--modify plastic inverter housing for waterproofing. Most
--add fiberoptic strands for each of the status LEDs on the brain board into a "cable" that extends far out of the case (a few feet) so I can see the LEDs while testing and operating the controllers on the trike. This means making a little "cable" of FO strands for each brain, consisting of one strand for each LED, and then going out to a little mounting box to put where i can see it (on the handlebars if the light will go that far (probably not), on the side of the trike near the controllers pointing upwards so it can at least be seen looking down and back if that's all I can get. The mounting box would need a marking on it to show which strand is for which LED, and maybe a lens-like magnifier to spread the light out beyond the tiny dot the FO strands make.

Could also use "optical pickups" at the end of the FO to detect if there's light and then wire their outputs to separate LEDs at the handlebars.

Then I can test the first controller on the trike, and see if this is all worth it. ;)

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Re: The HI-Lebowski: a Lebowski SMD brain running a zombified Honda IMA Inverter: *a HOW-TO guide*

Post by thoroughbred » Jun 16 2020 8:12pm

hope you are feeling well enough to make a little progress on this :thumb:

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Re: The HI-Lebowski: a Lebowski SMD brain running a zombified Honda IMA Inverter: *a HOW-TO guide*

Post by amberwolf » Jul 13 2020 4:51pm

Physically I'm pretty much better, but life things (trying to get work to let me come back before I run out of money and have to get a different job) have gotten in the way. At the moment, it is now a waiting-on-responses game.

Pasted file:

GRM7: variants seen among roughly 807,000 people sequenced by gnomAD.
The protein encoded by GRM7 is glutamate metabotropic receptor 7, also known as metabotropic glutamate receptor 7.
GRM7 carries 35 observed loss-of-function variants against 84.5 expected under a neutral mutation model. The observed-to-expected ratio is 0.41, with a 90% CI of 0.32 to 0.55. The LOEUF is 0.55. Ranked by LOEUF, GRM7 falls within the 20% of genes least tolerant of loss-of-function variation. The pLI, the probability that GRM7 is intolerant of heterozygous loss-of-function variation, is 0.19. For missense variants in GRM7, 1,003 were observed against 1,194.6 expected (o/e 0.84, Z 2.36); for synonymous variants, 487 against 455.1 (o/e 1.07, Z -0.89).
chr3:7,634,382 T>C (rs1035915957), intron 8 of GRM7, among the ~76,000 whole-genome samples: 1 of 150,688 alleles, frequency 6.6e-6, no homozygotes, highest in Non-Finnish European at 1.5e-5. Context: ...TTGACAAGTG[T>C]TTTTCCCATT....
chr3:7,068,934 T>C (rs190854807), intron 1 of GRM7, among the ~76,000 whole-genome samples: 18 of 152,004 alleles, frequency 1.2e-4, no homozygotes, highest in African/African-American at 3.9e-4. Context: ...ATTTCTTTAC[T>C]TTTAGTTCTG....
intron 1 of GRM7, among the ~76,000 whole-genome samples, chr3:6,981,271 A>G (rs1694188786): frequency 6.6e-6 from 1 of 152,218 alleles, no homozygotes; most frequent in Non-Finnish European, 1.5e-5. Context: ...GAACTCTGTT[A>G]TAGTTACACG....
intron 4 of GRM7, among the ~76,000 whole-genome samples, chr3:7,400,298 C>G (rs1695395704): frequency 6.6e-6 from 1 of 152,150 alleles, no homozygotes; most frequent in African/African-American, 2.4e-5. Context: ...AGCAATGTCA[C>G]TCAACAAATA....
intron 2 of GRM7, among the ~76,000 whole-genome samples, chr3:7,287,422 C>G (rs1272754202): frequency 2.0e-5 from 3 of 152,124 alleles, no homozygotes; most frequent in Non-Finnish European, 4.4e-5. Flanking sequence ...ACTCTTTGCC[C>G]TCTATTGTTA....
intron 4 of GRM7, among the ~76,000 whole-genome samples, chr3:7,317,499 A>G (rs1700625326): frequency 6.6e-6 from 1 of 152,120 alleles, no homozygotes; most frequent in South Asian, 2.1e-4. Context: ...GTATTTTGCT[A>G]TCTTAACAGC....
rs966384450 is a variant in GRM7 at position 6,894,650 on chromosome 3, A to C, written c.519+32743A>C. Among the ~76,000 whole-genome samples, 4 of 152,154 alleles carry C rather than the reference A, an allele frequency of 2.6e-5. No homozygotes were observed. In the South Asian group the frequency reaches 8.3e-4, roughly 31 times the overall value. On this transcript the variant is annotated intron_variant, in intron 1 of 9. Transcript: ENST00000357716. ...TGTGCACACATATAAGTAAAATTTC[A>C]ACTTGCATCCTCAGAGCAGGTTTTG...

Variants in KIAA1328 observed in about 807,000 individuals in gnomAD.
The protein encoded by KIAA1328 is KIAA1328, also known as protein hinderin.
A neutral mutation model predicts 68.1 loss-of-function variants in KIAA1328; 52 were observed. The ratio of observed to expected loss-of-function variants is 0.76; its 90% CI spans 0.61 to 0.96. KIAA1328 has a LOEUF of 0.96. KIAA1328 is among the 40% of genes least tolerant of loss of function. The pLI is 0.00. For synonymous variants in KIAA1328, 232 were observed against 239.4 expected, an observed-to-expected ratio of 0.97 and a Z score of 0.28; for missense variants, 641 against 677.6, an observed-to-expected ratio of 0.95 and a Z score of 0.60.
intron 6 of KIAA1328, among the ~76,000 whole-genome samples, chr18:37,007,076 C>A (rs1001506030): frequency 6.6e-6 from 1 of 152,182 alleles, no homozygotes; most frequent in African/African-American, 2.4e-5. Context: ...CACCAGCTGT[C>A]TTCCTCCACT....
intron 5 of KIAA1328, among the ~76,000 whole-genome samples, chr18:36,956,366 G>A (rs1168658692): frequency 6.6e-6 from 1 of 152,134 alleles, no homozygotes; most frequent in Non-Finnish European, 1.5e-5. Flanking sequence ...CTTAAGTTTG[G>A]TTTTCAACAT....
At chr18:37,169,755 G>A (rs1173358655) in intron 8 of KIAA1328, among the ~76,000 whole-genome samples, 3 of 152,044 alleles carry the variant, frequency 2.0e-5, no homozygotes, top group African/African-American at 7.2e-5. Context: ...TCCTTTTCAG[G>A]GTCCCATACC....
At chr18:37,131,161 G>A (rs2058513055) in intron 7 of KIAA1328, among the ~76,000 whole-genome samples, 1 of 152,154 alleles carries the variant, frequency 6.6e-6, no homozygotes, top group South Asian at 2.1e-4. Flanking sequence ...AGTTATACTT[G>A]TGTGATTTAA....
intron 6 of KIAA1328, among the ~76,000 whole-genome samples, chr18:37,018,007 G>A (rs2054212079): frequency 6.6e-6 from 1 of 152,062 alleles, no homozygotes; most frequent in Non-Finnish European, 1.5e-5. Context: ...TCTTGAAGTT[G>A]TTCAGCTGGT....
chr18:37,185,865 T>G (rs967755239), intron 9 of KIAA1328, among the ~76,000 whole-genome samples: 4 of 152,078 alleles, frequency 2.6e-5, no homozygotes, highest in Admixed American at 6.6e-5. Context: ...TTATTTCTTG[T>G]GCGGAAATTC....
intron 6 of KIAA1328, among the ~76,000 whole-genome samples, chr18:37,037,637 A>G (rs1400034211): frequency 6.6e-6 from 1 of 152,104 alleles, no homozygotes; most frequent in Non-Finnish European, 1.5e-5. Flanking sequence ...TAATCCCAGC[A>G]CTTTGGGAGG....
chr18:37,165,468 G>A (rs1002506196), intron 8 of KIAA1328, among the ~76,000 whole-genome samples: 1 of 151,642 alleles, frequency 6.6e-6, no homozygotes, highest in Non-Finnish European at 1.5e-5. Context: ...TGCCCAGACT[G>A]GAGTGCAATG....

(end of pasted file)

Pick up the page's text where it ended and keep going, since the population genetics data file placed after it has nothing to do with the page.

So back to this project:

I've been measuring all over the PCB (not every single point, but at least a hundred so far, most of them unlikely but ran out of likely ones), and still have not found a place I can connect to for battery voltage so the brain board can measure the battery voltage. Either I've just missed it, or I'm doing something wrong.

So at this point I'll need to setup a large ring terminal on a thin wire to go to the battery voltage measuring pin (BAT), via the Rmeas resistor, on the brain board, and then that ring terminal has to go outside the casing to be bolted along with the battery positive wire to the POS terminal on the outside of the casing. I was really hoping to avoid this. :(

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Re: The HI-Lebowski: a Lebowski SMD brain running a zombified Honda IMA Inverter: *a HOW-TO guide*

Post by kiwifiat » Jul 13 2020 9:50pm

amberwolf wrote:
Jul 13 2020 4:51pm
I've been measuring all over the PCB (not every single point, but at least a hundred so far, most of them unlikely but ran out of likely ones), and still have not found a place I can connect to for battery voltage so the brain board can measure the battery voltage. Either I've just missed it, or I'm doing something wrong.

So at this point I'll need to setup a large ring terminal on a thin wire to go to the battery voltage measuring pin (BAT), via the Rmeas resistor, on the brain board, and then that ring terminal has to go outside the casing to be bolted along with the battery positive wire to the POS terminal on the outside of the casing. I was really hoping to avoid this. :(
B+.PNG
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You can attach to battery positive from any of the three IGBT's within the case at the point shown. You will still need a thin ring terminal to make a safe and secure connection but the wire will remain with in the housing. Bear in mind that Lebowski has indicated that battery voltage feedback is not a necessity and only makes a small difference to the FOC calculations. Plainly a prerequisite if you want take advantage of voltage related inverter shutdown in cases where you are not using a BMS for that task.
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Re: The HI-Lebowski: a Lebowski SMD brain running a zombified Honda IMA Inverter: *a HOW-TO guide*

Post by Mjenno » Feb 01 2021 12:32am

Thank you for the very detailed write up, after seeing this I decided to put the lebowski brain in to two honda ima inverters. I have finished soldering the wires to the board, just need the new brains now.
A5BDFAB3-4AB8-4BAB-BFD3-8A8076ECCAAF.jpeg